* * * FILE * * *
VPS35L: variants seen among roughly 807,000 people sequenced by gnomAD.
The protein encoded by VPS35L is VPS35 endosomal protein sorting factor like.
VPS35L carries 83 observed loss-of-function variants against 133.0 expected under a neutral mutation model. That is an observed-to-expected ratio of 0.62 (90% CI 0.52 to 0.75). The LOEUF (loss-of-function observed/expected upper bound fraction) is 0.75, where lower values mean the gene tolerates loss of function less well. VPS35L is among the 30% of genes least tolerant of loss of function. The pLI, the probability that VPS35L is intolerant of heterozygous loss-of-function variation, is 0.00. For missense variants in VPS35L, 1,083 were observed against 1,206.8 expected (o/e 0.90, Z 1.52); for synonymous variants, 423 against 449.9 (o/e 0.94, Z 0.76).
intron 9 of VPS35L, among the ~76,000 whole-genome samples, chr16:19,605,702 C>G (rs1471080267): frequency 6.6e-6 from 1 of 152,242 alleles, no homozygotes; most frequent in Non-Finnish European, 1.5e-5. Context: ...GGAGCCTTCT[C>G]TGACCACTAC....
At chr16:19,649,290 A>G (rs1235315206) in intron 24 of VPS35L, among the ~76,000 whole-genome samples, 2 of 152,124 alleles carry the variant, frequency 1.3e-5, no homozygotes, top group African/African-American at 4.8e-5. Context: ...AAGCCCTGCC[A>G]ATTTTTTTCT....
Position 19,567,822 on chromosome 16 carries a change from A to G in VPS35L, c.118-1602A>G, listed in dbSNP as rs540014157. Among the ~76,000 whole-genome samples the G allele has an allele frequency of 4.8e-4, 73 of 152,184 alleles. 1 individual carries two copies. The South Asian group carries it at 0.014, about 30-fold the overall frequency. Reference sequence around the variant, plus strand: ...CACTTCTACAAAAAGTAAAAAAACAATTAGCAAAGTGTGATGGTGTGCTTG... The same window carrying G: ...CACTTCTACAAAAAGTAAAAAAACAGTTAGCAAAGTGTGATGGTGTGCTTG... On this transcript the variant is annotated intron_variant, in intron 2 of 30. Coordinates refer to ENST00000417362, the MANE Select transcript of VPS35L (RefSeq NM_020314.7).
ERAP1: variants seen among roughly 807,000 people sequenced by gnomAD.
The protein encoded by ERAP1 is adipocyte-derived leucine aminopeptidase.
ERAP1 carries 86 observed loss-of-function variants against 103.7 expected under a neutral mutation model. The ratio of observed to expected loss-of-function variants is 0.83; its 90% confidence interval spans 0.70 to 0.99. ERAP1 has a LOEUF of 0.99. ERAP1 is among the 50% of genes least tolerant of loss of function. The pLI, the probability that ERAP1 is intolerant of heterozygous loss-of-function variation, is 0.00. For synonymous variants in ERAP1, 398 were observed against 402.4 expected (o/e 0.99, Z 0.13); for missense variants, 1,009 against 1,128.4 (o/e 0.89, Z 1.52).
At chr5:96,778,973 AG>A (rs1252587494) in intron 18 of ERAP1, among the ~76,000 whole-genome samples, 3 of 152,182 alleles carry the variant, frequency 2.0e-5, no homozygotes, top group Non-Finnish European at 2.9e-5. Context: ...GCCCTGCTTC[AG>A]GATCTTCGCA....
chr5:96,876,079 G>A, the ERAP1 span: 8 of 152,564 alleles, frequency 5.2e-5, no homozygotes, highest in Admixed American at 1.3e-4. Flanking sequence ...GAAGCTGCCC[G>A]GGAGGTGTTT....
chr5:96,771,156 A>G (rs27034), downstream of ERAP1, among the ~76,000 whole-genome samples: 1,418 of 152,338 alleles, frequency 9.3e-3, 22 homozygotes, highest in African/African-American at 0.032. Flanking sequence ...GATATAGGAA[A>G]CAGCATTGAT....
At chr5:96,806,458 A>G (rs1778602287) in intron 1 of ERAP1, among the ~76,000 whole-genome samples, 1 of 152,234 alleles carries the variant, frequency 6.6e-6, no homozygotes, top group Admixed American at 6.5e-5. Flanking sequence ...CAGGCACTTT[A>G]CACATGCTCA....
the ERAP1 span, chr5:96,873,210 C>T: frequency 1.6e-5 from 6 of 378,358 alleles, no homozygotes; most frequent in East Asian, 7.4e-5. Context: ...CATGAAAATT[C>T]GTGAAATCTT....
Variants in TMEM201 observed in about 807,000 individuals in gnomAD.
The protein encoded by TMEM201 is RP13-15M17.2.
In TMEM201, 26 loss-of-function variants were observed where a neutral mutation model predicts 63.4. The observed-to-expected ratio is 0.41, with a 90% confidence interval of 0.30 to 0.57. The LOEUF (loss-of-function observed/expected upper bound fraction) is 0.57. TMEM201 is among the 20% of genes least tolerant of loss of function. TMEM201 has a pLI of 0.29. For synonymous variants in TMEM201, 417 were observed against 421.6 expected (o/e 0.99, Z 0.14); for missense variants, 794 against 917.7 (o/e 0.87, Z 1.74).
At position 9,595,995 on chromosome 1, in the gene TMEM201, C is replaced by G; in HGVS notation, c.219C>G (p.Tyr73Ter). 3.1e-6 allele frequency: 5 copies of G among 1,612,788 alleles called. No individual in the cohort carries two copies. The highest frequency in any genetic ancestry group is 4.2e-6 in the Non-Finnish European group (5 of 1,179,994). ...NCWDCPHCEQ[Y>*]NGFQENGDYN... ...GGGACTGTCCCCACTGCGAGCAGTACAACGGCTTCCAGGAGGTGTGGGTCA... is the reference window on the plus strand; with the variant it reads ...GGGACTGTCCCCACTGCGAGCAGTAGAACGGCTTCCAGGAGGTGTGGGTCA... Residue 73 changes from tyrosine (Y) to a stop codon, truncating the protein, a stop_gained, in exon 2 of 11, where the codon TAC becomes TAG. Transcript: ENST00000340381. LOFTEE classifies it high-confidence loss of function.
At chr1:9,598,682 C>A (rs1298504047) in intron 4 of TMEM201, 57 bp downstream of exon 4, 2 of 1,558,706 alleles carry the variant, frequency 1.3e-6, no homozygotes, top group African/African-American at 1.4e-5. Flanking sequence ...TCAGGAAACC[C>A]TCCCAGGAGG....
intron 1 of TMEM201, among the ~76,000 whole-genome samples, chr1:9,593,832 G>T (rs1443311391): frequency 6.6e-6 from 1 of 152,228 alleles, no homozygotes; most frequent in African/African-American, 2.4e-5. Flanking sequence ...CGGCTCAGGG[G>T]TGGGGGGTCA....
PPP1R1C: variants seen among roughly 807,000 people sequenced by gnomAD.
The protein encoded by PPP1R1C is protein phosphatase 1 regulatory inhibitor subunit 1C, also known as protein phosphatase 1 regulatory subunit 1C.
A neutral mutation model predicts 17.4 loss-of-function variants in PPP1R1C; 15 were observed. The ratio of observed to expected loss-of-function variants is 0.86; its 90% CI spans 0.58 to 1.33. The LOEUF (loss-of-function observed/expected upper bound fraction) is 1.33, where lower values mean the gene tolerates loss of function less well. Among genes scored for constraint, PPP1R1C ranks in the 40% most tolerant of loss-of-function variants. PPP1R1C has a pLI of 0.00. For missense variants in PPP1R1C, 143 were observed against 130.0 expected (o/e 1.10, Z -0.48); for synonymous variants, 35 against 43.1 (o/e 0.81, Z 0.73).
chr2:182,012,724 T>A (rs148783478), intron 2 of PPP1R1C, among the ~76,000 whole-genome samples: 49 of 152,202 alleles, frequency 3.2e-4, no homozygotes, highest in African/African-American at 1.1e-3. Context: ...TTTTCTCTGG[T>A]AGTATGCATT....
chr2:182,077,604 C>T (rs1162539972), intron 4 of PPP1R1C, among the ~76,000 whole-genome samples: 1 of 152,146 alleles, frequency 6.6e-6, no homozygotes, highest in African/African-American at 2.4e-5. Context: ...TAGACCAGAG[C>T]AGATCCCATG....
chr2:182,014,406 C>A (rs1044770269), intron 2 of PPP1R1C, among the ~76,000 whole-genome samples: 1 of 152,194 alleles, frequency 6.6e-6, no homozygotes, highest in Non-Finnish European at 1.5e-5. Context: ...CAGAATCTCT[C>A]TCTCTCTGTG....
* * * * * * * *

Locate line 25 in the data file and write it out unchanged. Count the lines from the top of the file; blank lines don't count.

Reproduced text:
chr2:182,077,604 C>T (rs1162539972), intron 4 of PPP1R1C, among the ~76,000 whole-genome samples: 1 of 152,146 alleles, frequency 6.6e-6, no homozygotes, highest in African/African-American at 2.4e-5. Context: ...TAGACCAGAG[C>T]AGATCCCATG....